Upgrading a lighting installation to LED is potentially rewarding, but also full of risk. For many businesses the move has become de rigueur as they seek huge savings in energy and maintenance costs. But done badly, the new ambience can be a turn-off and poorly chosen products can fade and die before their time.
Avoiding that risk was the subject of our first Lux webinar on the key mistakes to avoid when upgrading your lighting to LED. Simon Waldron, electrical engineering manager at Sainsbury’s, and Richard Felgate, energy management professional, shared the lessons they have learned from presiding over LED upgrades at supermarkets and hospitality venues across the UK.
Five years is a fair and reasonable assessment for both the end user and manufacturer’
Lighting case studies tend to focus on aesthetic effects and energy savings, but what quickly became clear from the webinar was the importance of reliability and longevity when installing LED luminaires in vast quantities across large estates.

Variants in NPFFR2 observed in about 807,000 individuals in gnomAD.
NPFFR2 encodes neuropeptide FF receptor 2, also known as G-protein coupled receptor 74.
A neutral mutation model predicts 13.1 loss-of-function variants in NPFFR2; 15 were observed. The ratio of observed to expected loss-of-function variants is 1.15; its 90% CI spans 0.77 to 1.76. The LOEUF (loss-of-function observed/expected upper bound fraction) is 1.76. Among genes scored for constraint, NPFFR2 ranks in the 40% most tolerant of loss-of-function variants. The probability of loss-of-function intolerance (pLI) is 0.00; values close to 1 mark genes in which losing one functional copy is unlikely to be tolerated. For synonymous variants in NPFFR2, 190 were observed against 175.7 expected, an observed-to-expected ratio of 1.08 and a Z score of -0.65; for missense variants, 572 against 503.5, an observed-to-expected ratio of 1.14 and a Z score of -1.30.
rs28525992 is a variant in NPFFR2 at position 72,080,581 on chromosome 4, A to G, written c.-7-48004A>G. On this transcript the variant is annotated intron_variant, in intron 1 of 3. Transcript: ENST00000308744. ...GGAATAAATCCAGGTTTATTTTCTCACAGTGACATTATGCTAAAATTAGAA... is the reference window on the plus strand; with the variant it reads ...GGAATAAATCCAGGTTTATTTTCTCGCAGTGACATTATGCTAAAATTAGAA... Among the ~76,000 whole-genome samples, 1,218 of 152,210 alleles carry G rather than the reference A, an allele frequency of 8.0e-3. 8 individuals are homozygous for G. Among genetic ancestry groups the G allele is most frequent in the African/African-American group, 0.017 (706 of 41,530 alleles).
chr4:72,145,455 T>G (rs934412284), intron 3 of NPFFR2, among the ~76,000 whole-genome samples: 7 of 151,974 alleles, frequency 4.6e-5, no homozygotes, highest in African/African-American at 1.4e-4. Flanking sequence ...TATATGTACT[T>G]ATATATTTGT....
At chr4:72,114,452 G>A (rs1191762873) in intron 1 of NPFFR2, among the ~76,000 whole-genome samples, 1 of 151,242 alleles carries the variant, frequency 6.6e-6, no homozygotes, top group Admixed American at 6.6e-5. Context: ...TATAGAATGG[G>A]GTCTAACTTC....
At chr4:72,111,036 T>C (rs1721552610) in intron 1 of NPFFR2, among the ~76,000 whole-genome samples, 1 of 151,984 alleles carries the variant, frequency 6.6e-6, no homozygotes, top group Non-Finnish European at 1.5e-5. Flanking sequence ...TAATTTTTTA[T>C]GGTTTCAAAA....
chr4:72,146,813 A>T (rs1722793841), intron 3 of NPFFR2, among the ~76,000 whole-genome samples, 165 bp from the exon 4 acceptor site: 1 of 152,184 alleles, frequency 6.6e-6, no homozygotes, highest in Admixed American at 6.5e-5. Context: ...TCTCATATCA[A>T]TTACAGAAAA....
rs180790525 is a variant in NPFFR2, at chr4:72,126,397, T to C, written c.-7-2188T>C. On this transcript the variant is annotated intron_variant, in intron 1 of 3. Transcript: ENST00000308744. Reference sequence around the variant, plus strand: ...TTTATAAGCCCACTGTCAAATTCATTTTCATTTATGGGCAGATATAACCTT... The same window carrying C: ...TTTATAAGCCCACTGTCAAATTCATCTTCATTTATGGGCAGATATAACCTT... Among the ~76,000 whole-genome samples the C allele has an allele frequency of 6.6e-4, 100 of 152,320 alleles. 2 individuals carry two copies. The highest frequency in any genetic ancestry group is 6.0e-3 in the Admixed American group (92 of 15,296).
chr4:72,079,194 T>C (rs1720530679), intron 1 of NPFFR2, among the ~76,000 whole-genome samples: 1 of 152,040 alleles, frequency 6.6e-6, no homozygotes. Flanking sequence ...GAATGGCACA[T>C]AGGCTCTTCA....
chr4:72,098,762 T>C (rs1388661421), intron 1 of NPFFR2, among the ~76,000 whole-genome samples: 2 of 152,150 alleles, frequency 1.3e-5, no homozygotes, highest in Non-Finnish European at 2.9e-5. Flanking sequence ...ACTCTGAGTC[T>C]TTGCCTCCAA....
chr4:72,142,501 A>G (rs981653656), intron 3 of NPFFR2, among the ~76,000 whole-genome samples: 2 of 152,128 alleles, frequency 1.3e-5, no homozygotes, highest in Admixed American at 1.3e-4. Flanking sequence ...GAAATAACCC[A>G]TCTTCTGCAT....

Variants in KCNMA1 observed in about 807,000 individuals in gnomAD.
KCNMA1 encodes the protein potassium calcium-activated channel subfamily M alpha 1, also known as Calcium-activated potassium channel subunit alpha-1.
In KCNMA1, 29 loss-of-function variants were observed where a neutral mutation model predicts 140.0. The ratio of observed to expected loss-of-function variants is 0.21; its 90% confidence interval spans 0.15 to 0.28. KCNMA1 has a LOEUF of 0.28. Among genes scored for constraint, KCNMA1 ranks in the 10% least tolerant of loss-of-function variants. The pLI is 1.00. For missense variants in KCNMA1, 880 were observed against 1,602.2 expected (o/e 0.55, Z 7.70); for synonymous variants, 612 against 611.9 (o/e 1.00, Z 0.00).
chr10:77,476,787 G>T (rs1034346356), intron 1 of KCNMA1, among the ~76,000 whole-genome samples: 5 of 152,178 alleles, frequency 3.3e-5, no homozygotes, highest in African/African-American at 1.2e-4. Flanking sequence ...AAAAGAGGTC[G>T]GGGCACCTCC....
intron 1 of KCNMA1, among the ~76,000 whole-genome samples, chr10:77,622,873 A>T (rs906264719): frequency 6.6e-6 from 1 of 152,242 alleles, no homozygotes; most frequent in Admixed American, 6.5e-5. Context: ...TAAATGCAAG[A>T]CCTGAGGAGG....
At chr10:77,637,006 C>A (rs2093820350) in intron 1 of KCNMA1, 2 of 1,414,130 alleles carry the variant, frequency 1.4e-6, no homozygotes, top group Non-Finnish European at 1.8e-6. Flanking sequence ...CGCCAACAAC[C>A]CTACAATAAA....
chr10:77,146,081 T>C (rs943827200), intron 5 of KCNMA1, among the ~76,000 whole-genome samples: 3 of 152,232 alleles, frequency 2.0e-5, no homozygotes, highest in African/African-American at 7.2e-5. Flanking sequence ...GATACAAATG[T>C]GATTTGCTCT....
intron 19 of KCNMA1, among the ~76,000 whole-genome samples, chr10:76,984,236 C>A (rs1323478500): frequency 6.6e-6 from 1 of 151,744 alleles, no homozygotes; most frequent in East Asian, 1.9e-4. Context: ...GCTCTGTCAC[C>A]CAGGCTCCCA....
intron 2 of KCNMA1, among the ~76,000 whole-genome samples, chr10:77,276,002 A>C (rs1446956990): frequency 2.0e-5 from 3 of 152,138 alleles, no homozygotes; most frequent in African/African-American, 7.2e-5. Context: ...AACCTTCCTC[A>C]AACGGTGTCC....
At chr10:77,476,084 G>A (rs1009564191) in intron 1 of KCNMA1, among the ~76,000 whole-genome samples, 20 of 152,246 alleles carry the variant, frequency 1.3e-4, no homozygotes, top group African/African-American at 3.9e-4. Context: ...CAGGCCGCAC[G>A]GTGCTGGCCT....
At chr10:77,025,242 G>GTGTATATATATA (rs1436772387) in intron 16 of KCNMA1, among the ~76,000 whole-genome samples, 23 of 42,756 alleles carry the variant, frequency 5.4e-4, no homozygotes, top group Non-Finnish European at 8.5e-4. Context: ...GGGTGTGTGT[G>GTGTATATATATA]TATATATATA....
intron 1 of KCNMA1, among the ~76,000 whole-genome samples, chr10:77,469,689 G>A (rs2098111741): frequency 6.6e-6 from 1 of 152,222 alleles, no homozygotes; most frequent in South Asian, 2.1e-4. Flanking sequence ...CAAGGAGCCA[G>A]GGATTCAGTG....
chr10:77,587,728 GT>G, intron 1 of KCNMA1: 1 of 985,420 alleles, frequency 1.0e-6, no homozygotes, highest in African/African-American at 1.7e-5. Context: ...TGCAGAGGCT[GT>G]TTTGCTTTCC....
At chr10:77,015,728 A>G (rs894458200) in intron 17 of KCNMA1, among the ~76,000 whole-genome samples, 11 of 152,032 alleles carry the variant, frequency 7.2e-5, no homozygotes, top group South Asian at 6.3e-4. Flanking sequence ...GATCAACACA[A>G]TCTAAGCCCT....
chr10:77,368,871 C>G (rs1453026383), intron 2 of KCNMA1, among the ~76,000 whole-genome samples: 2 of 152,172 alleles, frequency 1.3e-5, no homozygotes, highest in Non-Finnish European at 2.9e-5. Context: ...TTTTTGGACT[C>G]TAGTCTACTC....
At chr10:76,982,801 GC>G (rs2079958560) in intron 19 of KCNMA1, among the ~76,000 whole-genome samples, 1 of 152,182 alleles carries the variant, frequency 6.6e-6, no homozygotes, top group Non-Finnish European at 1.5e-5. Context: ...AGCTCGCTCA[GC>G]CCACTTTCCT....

Waldron and Felgate were joined by James Conduit, managing director of retail lighting specialist Dexretail, and Darren Ward, group technical director of Dextra Group, in a Q&A session. Choose manufacturers and suppliers with solid track records and the financial backing to support volume supply, listeners were advised. Ask tough questions about product performance and failure rates. Futureproof the installation as far as possible by selecting luminaires with interchangeable components.
Tailoring product warranties to particular needs was another key message. Warranties should be negotiated to take account of expected operating hours and address specific concerns such as colour shift and lumen depreciation. Special attention should be paid to LED drivers, often a luminaire’s weak link and a prime cause of failure.
But, the panel warned, don’t be seduced by the 10-year warranties increasingly dangled in front of anxious buyers. These, said Waldron, ‘just beggar belief’. No established manufacturer aware of the complications of long-term LED operation is likely to offer them, he said, concluding that ‘five years is a fair and reasonable assessment for both the end user and manufacturer’.